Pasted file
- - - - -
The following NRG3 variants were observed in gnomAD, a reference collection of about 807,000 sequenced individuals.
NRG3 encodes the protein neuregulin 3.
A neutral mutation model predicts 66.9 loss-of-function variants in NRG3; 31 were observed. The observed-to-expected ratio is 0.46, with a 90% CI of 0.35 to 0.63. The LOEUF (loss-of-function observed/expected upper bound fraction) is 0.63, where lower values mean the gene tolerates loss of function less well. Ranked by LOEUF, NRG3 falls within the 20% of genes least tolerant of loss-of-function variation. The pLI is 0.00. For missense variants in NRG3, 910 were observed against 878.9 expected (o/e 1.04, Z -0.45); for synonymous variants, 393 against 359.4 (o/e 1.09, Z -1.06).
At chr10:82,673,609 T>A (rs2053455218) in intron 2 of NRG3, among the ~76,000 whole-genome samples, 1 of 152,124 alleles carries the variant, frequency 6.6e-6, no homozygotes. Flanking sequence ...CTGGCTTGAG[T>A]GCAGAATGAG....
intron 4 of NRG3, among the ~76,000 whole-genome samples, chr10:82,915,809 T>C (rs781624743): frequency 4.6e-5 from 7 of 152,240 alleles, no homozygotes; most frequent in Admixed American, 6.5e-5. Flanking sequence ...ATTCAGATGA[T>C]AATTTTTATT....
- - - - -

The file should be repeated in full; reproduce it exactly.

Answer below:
The following NRG3 variants were observed in gnomAD, a reference collection of about 807,000 sequenced individuals.
NRG3 encodes the protein neuregulin 3.
A neutral mutation model predicts 66.9 loss-of-function variants in NRG3; 31 were observed. The observed-to-expected ratio is 0.46, with a 90% CI of 0.35 to 0.63. The LOEUF (loss-of-function observed/expected upper bound fraction) is 0.63, where lower values mean the gene tolerates loss of function less well. Ranked by LOEUF, NRG3 falls within the 20% of genes least tolerant of loss-of-function variation. The pLI is 0.00. For missense variants in NRG3, 910 were observed against 878.9 expected (o/e 1.04, Z -0.45); for synonymous variants, 393 against 359.4 (o/e 1.09, Z -1.06).
At chr10:82,673,609 T>A (rs2053455218) in intron 2 of NRG3, among the ~76,000 whole-genome samples, 1 of 152,124 alleles carries the variant, frequency 6.6e-6, no homozygotes. Flanking sequence ...CTGGCTTGAG[T>A]GCAGAATGAG....
intron 4 of NRG3, among the ~76,000 whole-genome samples, chr10:82,915,809 T>C (rs781624743): frequency 4.6e-5 from 7 of 152,240 alleles, no homozygotes; most frequent in Admixed American, 6.5e-5. Flanking sequence ...ATTCAGATGA[T>C]AATTTTTATT....